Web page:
Bradley listened to the words of the song playing endlessly on his music player, its words being injected into his brain through the earplugs jammed into his ears and blocking out all sound from everything except his music.
“Secrets I hide in me,
Deep down inside of me
I keep them,
I keep them at bay
No one will ever know
What I don’t wanna show
I lock them,
I lock them away”
As the song echoed in his head, he wrote word after word on his computer. An endless stream of words, telling one story after another. All stories from his memory, his life. All things he’d lived through, endured, survived.
The time that old man demanded, “Look at me while I’m talking to you!” That old guy never knew, never understood, how hard it was for Bradley to look at anyone. Especially to make eye contact. Bradley hadn’t heard a damn word that guy had said. All he could remember was, “Look at me while I’m talking to you!”, and the old man’s eyes, the anger in them, the scars, the pain, the demand for respect. As if those eyes were saying, “I’ve been through hell in life, and I’ve earned some respect, damn-it! Now look at me while I torture you to get even with life for how it treated me!”
Bradley wrote it all down. Every memory of that moment. And the song played on and on, over and over, in his head.
“Oh worries, stop haunting me,
Don’t you keep taunting me!
I won’t be,
I won’t be no slave
I put you to rest for good,
I did the best I could
So get in,
get into your grave”
He wrote down his memory of the guy at work, the boss, the person in charge. The time that guy called him a prima donna. Yeah. A prima donna. “Spoiled rotten little primadonna.” Bradley never talked about it, not to anyone. He never let anyone know. It wasn’t the first time. It wouldn’t be the last. People had always said things about him. Always called him names. Primadonna. Sally. Bitch. Privileged white boy. Momma’s boy. Weakling. Clueless.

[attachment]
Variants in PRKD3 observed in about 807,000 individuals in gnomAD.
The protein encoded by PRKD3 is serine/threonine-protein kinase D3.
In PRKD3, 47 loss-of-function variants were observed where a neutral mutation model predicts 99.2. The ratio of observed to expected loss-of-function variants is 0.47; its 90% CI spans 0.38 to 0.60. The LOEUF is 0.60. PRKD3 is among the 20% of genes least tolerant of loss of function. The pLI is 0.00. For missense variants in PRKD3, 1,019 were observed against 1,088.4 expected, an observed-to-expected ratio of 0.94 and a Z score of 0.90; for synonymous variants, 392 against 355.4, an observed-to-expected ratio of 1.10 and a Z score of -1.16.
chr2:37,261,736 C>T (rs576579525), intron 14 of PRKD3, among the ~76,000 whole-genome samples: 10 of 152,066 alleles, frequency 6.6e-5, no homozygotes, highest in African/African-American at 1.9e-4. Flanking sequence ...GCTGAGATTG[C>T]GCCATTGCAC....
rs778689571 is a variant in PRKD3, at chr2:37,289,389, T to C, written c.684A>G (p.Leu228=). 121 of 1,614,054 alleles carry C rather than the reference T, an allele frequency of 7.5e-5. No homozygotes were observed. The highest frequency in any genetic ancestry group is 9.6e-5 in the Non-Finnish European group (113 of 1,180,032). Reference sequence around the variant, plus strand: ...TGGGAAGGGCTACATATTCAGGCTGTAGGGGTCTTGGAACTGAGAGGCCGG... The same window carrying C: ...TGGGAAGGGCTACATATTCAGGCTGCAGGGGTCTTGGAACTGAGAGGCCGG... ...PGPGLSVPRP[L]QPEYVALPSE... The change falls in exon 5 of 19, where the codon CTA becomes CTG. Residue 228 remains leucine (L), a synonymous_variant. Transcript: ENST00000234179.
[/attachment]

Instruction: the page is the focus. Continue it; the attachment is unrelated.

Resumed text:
Bradley wrote down every name he could remember. Everything he remembered being called. No one knew. He never told anyone. How it felt. How he felt. Like when he was in Junior High, and the other boys called him, “Sally.” Even when he played street football with them, and his knees and elbows scraped up from landing on the asphalt and gravel, as his blood dripped from his fingertips, and he kept playing.
And still, they called him “Sally”.
He wanted to scream, to cry, to pick fights. He had nightmares of those fights where he wound up with busted lips, a broken nose, black eyes, and the other boys standing over him where he laid, beaten, on the ground, as they called him “Sally” over and over again.
He wrote it all down. Like he’d done a million times. Page after page. And all the while, that song played on, and on.
“Farewell ye gentlemen,
Goodbye my mental friends
Hear what I’m sayin’
Ashes and dust to dust,
That is the end of us
Oh Lord I’m prayin’”
When he couldn’t write anymore, he saved the file. Then he printed it. When the last page printed, Bradley placed the pages in a plastic bag, then went to his back yard, where he’d left his shovel.
In the middle of the night, while everyone was asleep, Bradley carefully cut a chunk of sod from his yard and placed it to the side knowing he’d need it later. In the bare dirt, he dug a four-foot deep hole. Carefully, he placed the bag of printed pages at the bottom of that hole and buried them under four feet of dirt, topped off with the sod. No one would know what he’d done.
And that song played over and over in his head. All night long.
“I’m goin’ to bury my troubles away
I’m goin’ to bury my troubles away”
This is my entry for Year 2, Week 39 (Week 2.39) of Jeff Tsuruoka‘s Mid-Week Blues-Buster flash fiction challenge. This week the prompt is the song, “Bury My Troubles” by Imelda MayI. Please, go read the other stories in the challenge.